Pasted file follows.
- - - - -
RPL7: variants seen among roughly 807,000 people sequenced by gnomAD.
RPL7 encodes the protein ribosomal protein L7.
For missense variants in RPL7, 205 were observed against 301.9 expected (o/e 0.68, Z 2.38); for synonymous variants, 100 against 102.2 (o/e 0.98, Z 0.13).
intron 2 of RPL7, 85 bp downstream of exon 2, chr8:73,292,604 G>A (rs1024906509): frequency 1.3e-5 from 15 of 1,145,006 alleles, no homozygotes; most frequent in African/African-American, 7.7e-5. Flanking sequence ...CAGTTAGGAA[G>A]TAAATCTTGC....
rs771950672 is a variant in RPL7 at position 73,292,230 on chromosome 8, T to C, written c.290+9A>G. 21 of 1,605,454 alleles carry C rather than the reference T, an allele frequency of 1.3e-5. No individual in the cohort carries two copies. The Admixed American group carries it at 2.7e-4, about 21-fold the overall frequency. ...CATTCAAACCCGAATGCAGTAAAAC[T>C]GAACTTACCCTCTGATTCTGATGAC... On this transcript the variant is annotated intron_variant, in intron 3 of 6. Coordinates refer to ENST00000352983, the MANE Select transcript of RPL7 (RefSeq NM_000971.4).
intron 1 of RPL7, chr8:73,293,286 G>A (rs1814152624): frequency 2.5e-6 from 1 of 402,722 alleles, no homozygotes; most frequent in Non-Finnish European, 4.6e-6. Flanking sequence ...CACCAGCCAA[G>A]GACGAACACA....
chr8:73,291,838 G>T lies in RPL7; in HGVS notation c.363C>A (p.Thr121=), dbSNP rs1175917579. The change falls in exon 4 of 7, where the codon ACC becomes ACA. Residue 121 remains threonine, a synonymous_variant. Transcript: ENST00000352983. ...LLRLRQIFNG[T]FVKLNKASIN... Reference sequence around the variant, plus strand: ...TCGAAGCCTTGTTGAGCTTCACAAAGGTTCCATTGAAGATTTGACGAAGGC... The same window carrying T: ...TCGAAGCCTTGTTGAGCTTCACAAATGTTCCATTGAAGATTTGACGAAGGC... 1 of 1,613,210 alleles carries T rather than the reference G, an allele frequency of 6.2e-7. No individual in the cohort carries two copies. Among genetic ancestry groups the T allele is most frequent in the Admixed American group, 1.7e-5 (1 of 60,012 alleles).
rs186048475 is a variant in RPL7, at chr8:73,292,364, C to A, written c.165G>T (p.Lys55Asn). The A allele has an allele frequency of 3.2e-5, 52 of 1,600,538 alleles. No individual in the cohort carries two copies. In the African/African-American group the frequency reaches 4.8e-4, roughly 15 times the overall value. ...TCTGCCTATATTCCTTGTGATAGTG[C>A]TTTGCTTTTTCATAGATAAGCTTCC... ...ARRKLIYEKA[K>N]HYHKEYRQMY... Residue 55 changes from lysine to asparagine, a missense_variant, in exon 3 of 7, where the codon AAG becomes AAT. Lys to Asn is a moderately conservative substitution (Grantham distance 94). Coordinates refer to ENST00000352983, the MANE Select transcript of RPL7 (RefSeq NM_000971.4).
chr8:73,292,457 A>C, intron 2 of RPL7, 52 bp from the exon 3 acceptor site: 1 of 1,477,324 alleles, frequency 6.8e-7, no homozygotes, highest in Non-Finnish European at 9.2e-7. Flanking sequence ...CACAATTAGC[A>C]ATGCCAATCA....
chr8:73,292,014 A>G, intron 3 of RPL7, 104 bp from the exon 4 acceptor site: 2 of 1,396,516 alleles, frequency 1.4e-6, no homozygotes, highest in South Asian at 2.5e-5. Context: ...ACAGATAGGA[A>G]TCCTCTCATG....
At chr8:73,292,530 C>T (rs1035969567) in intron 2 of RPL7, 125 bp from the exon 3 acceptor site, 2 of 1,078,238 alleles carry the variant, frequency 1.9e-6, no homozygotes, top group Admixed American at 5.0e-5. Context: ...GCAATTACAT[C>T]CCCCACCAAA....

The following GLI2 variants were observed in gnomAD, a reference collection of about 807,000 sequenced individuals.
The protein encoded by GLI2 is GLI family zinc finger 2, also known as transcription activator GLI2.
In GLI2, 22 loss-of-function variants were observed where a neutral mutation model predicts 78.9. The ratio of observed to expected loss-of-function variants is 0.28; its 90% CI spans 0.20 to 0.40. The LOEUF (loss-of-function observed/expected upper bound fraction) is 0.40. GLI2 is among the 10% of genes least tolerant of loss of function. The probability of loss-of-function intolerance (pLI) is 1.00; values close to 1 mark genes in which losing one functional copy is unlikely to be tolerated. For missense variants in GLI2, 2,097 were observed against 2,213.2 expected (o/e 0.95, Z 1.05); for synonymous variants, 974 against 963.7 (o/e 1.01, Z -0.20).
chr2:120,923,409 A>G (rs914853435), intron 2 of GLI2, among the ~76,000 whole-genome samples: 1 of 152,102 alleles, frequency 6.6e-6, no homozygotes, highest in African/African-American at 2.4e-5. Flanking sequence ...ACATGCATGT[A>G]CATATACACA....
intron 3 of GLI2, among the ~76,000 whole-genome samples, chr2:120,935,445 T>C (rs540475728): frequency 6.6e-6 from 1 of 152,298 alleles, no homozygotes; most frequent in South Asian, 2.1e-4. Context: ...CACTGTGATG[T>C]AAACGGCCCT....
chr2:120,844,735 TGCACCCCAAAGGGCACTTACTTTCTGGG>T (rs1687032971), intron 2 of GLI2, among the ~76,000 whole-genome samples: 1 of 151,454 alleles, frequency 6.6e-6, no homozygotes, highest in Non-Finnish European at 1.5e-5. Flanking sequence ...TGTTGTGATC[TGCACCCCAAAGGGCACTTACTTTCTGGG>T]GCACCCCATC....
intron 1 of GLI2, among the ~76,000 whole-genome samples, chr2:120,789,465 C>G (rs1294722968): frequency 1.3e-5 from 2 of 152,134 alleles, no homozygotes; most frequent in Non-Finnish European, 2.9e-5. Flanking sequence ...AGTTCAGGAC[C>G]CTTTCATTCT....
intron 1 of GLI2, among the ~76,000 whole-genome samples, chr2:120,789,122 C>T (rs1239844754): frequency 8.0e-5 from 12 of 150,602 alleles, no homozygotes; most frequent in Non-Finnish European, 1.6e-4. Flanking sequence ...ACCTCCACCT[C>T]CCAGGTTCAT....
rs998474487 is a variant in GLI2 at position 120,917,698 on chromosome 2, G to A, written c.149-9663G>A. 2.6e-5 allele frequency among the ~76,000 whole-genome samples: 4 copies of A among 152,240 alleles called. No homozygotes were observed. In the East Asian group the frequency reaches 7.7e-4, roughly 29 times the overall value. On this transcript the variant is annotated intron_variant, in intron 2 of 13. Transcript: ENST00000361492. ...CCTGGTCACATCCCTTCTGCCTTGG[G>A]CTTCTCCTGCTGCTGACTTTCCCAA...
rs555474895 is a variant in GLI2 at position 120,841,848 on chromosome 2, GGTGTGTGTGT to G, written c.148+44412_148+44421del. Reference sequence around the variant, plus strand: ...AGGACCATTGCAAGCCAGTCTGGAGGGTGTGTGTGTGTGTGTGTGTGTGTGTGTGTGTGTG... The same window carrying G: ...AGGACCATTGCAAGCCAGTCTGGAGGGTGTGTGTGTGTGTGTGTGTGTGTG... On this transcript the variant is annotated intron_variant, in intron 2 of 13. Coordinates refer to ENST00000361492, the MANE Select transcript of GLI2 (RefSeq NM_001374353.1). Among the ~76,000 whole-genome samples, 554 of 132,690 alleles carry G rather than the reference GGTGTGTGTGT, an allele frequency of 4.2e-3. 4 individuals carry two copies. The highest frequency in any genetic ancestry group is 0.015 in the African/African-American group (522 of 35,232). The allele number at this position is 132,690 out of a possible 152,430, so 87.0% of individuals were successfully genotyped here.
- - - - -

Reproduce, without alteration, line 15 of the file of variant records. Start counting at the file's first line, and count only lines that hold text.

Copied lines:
chr2:120,923,409 A>G (rs914853435), intron 2 of GLI2, among the ~76,000 whole-genome samples: 1 of 152,102 alleles, frequency 6.6e-6, no homozygotes, highest in African/African-American at 2.4e-5. Flanking sequence ...ACATGCATGT[A>G]CATATACACA....